Effects of Treatment
Cancer treatment is geared toward positive outcomes, such as removing the cancer, reducing tumor size and preventing recurrence. However, many of the treatments used to accomplish that have their own challenges for our bodies. Prior knowledge of what to expect helps in treatment decision-making and getting the support you need to deal with these effects.
Fatigue: The most common effect of cancer treatment, this fatigue is different than the kind healthy people experience. It can result from any type of cancer treatment.
Chemotherapy side effects: Certain types of chemotherapy can cause nausea and vomiting, temporary hair loss and other symptoms. Newer medications make these conditions manageable.
Low blood counts: Different types of treatment can cause a drop in different blood components, requiring monitoring and possibly replacement, as in the case of red cells (anemia).
Low Sodium: This treatable side effect can cause muscle weakness, a higher risk of blood clotting and loss of appetite.
High calcium: This treatable side effect can cause confusion, constipation and belly pain.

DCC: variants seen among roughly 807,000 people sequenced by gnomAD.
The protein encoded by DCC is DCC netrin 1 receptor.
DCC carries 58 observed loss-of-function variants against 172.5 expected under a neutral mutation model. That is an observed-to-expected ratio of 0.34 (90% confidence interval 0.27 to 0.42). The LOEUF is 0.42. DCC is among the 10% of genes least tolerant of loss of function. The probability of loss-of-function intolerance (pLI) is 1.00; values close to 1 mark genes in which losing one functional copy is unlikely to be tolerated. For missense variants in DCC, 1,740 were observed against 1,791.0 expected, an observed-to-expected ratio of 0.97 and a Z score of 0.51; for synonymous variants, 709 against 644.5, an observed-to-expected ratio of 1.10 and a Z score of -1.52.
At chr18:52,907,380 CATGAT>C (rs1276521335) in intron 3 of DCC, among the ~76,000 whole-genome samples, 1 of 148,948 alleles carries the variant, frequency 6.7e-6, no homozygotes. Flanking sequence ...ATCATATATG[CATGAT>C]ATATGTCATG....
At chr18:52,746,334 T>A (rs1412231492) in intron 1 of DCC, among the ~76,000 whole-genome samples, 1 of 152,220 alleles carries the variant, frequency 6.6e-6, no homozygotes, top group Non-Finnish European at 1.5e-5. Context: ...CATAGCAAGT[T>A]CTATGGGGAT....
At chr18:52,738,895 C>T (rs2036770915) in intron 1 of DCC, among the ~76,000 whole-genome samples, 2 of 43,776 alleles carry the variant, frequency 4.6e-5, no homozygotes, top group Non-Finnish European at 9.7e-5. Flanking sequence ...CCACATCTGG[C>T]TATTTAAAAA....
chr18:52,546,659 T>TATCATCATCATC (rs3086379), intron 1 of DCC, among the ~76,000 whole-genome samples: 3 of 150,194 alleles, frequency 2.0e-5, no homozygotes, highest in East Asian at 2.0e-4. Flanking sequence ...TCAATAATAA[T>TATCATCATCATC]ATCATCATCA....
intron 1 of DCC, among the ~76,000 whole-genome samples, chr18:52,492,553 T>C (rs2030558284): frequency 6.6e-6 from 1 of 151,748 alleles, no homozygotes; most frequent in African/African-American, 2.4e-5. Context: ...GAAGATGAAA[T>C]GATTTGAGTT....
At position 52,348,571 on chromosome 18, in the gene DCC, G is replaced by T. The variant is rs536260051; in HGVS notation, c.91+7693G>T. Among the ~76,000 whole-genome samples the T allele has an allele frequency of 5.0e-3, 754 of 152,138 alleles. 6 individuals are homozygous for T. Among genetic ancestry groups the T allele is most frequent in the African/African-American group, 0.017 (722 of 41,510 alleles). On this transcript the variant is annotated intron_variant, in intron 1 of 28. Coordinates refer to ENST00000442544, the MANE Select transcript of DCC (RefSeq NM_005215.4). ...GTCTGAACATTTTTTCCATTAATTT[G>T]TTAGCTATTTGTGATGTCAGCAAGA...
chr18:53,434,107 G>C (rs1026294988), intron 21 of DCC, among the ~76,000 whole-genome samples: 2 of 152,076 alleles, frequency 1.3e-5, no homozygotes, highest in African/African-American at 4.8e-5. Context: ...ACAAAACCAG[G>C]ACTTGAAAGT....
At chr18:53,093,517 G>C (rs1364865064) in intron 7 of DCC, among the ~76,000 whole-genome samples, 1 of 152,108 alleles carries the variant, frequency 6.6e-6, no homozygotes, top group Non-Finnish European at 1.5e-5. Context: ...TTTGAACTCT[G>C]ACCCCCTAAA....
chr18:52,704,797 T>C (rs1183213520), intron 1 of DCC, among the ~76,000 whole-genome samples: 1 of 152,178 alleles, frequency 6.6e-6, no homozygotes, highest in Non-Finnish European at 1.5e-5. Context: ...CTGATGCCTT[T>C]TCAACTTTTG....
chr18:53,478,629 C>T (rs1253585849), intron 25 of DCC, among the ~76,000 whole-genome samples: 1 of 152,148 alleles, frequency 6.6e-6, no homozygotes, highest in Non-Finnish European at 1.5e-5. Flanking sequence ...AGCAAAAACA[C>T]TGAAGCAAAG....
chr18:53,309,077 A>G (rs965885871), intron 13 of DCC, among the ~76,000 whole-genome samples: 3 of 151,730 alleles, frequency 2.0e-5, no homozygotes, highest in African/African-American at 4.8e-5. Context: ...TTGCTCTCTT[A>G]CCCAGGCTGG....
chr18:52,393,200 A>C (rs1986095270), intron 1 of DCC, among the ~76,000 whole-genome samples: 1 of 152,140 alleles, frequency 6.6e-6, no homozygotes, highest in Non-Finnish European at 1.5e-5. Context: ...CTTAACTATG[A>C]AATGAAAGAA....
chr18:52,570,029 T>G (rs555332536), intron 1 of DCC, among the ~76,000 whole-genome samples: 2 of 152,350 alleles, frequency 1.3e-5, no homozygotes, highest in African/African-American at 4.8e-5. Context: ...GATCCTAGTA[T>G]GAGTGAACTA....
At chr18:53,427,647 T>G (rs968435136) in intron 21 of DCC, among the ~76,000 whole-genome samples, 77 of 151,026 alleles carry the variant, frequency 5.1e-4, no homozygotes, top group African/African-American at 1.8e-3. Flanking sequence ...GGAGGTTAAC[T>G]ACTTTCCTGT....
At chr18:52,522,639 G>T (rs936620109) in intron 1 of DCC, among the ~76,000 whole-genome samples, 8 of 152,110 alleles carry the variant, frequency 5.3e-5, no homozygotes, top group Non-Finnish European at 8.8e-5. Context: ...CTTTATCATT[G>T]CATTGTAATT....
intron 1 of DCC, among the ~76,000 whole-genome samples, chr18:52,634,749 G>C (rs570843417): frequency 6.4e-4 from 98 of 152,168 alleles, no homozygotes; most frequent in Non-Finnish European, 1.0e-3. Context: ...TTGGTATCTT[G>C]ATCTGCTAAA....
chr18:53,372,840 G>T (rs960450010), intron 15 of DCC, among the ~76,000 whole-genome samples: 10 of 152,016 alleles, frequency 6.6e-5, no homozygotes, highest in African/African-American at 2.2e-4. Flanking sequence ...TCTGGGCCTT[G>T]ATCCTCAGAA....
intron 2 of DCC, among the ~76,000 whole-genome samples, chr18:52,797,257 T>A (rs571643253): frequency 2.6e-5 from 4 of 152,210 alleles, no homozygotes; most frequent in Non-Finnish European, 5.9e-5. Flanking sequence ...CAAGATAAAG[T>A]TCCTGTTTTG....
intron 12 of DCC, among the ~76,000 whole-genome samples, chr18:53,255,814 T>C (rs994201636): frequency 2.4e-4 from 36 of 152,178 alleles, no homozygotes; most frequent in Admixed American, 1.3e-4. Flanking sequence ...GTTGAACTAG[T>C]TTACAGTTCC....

Pain: Tumors, surgery, radiation and chemotherapy can all cause pain with cancer.
Peripheral neuropathy: Chemotherapy-induced peripheral neuropathy (CIPN) is a set of symptoms caused by damage to the nerves that control the sensations in our hands and feet, causing numbness, tingling and pain at times.
Sleep disorders: More common in people with cancer, sleep may be disturbed by the cancer, pain or certain drugs or treatments.
Targeted therapies may have other symptoms. Your physician can advise you on specific therapies and what to watch for and report.
Cardio-oncology is a new medical discipline focused on optimally treating any associated heart conditions in patients who have been treated for cancer, or are currently being treated for cancer. Specialized cardiologists can assess patients for the potential risk of developing certain heart conditions, especially if they are receiving particular types of cancer drugs, or following radiation treatment to the chest.